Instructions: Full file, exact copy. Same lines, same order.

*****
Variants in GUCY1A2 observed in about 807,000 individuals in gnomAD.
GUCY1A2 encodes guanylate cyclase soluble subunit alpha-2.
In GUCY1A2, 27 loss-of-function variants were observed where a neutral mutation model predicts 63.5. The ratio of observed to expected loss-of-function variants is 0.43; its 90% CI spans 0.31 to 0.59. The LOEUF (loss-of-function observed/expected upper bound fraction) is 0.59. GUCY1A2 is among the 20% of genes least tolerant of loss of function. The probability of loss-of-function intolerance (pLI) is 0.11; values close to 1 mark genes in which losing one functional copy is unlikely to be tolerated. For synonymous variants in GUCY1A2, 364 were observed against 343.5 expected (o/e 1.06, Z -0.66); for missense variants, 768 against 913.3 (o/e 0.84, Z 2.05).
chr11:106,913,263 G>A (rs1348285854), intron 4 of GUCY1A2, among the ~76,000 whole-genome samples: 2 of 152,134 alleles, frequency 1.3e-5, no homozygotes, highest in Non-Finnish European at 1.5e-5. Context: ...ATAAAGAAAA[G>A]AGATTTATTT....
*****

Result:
Variants in GUCY1A2 observed in about 807,000 individuals in gnomAD.
GUCY1A2 encodes guanylate cyclase soluble subunit alpha-2.
In GUCY1A2, 27 loss-of-function variants were observed where a neutral mutation model predicts 63.5. The ratio of observed to expected loss-of-function variants is 0.43; its 90% CI spans 0.31 to 0.59. The LOEUF (loss-of-function observed/expected upper bound fraction) is 0.59. GUCY1A2 is among the 20% of genes least tolerant of loss of function. The probability of loss-of-function intolerance (pLI) is 0.11; values close to 1 mark genes in which losing one functional copy is unlikely to be tolerated. For synonymous variants in GUCY1A2, 364 were observed against 343.5 expected (o/e 1.06, Z -0.66); for missense variants, 768 against 913.3 (o/e 0.84, Z 2.05).
chr11:106,913,263 G>A (rs1348285854), intron 4 of GUCY1A2, among the ~76,000 whole-genome samples: 2 of 152,134 alleles, frequency 1.3e-5, no homozygotes, highest in Non-Finnish European at 1.5e-5. Context: ...ATAAAGAAAA[G>A]AGATTTATTT....